Have you seen a dog doing frequent scratching, itching, rubbing, and head-shaking or licking different areas of the skin? Yes, it means there’s some health problem with that dog’s skin. In scientific language, itching of the skin is called pruritus. Dogs’ itching can have a variety of causes related to skin disorders or even nutrition, and sometimes may be a combination of two. Continuous itching can damage the pet’s skin and cause dry, inflamed, and oozing skin resulting in other infections. Hence, it is essential to find out why the dog is itching and resolve that cause for your dog’s h
ealth before your pet starts pulling out clumps of fur and damaging the skin.
Here’s a list of the ten reasons why dogs are itching, as well as some solutions on what you can do to get rid of that itch. Let’s start with the most common cause of external parasites, i.e., ticks, lice, fleas, flies, mosquitoes, and midges.
Ticks or Lice
Ticks are blood-sucking parasites that attach themselves to animals and, during sucking blood, release toxins that can harm their hosts and causes various diseases. Lice are flightless, tiny insects that live in the hair of animals. Two basic types of lice are biting or chewing lice and blood-sucking lice.
Biting or sucking lice move through the hair and embed the mouth part in the skin, which causes irritation and itching. Signs of lice or tick infestation are scratching, biting, itching, and rubbing of infested areas. A rough, dry, or matted hair coat is also an indication of heavy infestation.
Ticks and lice should be removed immediately to minimize disease and damage. Ticks removing tools like tweezers are used to remove ticks. Anti- ticks/lice spot-on solutions, shampoos, and sprays effectively control them. Insecticide spray and trimming tall grass, weeds, and vegetation in your backyard can protect your dog from ticks attack. Ensure that the dog’s bedding, collar, and grooming tools, including combs and brushes, are free of lice or ticks to eliminate the itching.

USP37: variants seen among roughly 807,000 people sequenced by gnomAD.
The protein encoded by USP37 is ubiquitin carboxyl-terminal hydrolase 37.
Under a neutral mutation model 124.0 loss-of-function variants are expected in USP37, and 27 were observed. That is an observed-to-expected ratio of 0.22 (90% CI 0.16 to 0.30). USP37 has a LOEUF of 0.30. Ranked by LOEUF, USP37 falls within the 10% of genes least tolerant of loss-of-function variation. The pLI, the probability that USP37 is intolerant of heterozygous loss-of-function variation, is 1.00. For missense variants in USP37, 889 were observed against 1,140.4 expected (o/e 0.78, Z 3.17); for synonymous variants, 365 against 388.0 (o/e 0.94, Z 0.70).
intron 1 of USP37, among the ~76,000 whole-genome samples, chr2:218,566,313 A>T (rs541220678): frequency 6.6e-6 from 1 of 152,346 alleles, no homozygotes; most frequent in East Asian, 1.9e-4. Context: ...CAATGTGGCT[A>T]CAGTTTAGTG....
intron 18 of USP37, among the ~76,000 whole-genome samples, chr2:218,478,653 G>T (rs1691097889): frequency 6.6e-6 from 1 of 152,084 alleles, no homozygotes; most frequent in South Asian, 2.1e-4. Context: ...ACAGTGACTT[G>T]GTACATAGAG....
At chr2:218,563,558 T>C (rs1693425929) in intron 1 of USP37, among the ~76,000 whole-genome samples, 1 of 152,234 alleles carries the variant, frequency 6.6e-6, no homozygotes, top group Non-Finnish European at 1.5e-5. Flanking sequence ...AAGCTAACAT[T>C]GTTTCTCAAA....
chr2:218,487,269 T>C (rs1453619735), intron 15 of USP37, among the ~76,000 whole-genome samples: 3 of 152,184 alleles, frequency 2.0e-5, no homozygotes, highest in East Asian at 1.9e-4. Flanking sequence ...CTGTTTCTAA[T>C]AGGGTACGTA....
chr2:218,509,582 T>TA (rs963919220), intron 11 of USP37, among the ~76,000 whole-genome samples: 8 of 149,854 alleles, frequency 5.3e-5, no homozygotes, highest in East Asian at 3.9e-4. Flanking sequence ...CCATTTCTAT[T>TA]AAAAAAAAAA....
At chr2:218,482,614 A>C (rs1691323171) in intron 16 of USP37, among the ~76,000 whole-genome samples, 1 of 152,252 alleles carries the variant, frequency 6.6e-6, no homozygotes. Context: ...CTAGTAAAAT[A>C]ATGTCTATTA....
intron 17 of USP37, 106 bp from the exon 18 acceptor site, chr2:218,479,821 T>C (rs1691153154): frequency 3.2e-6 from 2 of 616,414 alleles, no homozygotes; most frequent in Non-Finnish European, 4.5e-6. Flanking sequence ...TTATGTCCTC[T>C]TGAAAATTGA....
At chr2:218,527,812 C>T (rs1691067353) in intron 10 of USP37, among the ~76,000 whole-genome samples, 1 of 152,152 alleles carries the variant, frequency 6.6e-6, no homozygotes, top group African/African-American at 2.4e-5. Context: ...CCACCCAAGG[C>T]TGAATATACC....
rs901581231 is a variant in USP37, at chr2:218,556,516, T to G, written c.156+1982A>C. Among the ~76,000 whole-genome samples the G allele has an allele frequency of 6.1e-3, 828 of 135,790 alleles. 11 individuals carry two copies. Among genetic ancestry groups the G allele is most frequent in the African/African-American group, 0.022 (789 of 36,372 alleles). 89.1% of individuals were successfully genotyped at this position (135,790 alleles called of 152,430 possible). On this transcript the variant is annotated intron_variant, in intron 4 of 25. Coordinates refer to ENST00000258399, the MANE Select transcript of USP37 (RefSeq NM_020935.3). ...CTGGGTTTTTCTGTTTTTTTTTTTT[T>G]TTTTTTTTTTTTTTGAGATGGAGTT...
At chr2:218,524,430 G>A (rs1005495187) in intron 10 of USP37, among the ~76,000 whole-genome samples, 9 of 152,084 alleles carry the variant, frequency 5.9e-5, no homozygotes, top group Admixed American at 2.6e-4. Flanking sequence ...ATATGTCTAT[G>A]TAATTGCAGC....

Fleas are wingless insects that feed on the blood of animals. While feeding on the host, fleas inject saliva, and most dogs are allergic to the saliva of fleas. Animals will itch and scratch the body due to flea bites and saliva irritation, resulting in restlessness and crusted and itchy skin over the legs and tail region.
Flea treatments include topically applied liquids, oral and injected medications, and sprays. Protect the dog’s environment from wildlife contact that can be a source of the flea’s addition to your dog’s habitat. Spraying flea control products over the shaded areas effectively control the fleas.
Biting Flies and Mosquitoes
Flies and mosquitoes are winged insects that feed on animal blood and body secretions. In the process of feeding, they inflict a painful bite and can cause itchiness and allergic reaction in your dog. Heavy infestation of flies can also develop maggot wounds resulting in rubbing and nibbling at the skin.
Use pet-friendly and safe insect repellents to keep flies away. Garbage containers should be covered. Remove standing water from kennels and yards. Feces and urination should be cleaned immediately. Limit the outdoor walks with your dog at dawn and dusk to reduce their exposure to mosquitoes.
Atopy or atopic dermatitis is a lifelong airborne allergy, and many dog breeds are sensitive to allergens in the air. The most susceptible age is six months to three years. Itching all over the body is the characteristic sign of atopic dermatitis. The most frequently affected areas are the front legs, feet, face, ears, and abdomen. Other symptoms of dermatitis are licking or chewing the paws and rubbing the face and eyes.
No availability of tests makes the diagnosis of airborne allergies difficult. Primarily, diagnosis is based on age, breed, history, and signs. Treatment involves minimizing the symptoms of itching by bathing and improving coat hygiene. Immunotherapy is a safe choice to increase the dogs’ tolerance to air allergens. Anti-itching medication can be used to relieve seasonal flares.
Food allergy is when a dog is sensitive to any of the ingredients in the food. All dog breeds and age groups can be prone to food allergies. Itching is a typical sign of food allergy. However, the intensity of itching is comparatively lower than airborne allergen and variable in every breed. Other symptoms also include vomiting, diarrhea, and salivation.